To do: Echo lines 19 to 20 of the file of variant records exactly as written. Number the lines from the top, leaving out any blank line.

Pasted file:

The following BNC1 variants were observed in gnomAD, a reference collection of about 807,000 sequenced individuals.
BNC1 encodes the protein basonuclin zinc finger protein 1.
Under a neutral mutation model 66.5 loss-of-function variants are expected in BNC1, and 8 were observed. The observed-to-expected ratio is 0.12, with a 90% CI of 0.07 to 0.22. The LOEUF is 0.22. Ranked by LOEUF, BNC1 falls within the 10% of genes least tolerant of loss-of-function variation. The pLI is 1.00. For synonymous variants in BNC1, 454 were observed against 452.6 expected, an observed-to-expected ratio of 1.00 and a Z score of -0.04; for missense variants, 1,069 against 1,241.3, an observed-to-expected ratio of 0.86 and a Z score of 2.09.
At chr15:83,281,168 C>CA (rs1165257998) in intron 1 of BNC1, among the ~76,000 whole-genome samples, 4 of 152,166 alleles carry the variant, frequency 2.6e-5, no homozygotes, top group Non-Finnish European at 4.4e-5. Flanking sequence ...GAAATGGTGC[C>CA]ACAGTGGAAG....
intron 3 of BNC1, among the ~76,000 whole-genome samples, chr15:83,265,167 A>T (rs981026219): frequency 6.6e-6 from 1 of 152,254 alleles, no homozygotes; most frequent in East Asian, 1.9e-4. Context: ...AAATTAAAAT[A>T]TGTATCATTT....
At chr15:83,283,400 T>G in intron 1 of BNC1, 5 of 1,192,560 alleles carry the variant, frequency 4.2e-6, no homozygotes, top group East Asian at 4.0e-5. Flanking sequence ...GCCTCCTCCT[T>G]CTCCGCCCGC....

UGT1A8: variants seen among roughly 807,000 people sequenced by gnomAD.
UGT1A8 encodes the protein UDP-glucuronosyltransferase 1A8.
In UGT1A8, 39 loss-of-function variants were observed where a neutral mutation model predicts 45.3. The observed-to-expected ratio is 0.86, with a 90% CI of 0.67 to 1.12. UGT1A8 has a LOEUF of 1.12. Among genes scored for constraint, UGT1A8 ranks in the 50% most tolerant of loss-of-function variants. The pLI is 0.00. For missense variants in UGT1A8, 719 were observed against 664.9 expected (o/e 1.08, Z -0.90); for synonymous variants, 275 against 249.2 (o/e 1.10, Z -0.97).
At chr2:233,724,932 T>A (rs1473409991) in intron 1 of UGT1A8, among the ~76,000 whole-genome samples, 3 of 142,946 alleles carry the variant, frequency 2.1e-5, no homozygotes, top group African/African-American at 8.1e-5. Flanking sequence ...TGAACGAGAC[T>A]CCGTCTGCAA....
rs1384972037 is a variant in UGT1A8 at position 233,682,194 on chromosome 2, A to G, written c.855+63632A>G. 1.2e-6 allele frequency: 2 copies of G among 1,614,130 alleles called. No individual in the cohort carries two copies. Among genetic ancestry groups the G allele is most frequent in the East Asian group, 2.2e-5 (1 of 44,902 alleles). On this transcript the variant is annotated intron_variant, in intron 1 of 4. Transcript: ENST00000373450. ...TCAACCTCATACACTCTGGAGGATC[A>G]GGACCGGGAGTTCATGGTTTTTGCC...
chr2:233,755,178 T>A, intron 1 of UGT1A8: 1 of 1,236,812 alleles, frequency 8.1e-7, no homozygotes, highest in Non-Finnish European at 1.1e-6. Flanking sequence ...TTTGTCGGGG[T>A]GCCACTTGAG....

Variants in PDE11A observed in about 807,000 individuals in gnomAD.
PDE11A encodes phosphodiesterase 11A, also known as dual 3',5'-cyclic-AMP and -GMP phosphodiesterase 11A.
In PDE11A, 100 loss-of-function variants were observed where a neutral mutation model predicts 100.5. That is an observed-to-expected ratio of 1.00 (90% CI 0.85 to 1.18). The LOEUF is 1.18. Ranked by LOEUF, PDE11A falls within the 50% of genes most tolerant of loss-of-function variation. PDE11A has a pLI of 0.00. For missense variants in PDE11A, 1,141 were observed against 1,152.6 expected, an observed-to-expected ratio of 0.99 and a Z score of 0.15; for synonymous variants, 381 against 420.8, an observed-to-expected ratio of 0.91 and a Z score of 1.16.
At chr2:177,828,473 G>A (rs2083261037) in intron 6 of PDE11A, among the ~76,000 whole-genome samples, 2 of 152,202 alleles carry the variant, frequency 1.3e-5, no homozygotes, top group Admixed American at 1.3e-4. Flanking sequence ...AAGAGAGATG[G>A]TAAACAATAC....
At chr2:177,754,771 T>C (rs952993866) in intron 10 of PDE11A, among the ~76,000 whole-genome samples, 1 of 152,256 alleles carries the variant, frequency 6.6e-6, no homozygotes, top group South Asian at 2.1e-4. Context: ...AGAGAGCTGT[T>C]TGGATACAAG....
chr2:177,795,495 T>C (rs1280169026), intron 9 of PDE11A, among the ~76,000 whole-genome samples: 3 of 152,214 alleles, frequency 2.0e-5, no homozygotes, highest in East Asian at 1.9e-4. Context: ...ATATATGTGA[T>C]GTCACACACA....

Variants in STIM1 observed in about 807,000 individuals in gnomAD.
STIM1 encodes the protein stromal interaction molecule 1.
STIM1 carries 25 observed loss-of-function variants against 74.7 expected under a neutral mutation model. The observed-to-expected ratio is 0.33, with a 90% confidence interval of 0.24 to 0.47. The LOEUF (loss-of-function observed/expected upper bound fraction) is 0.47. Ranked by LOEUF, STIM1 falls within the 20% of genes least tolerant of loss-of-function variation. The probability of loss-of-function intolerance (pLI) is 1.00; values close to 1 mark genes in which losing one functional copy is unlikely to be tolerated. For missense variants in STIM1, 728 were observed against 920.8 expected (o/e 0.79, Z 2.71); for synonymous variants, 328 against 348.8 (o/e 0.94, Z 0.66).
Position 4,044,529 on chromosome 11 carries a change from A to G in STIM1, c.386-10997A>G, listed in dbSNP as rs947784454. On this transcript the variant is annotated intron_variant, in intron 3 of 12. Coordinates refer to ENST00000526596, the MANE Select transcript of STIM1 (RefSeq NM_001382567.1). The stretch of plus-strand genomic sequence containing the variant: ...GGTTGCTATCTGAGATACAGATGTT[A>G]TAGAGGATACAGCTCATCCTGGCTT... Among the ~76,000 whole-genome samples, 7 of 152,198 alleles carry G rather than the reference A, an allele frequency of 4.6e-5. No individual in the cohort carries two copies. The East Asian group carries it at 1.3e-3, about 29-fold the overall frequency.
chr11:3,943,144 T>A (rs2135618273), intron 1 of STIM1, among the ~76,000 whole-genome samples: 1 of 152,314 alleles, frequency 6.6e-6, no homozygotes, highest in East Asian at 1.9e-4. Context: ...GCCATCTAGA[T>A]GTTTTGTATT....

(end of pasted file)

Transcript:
Variants in STIM1 observed in about 807,000 individuals in gnomAD.
STIM1 encodes the protein stromal interaction molecule 1.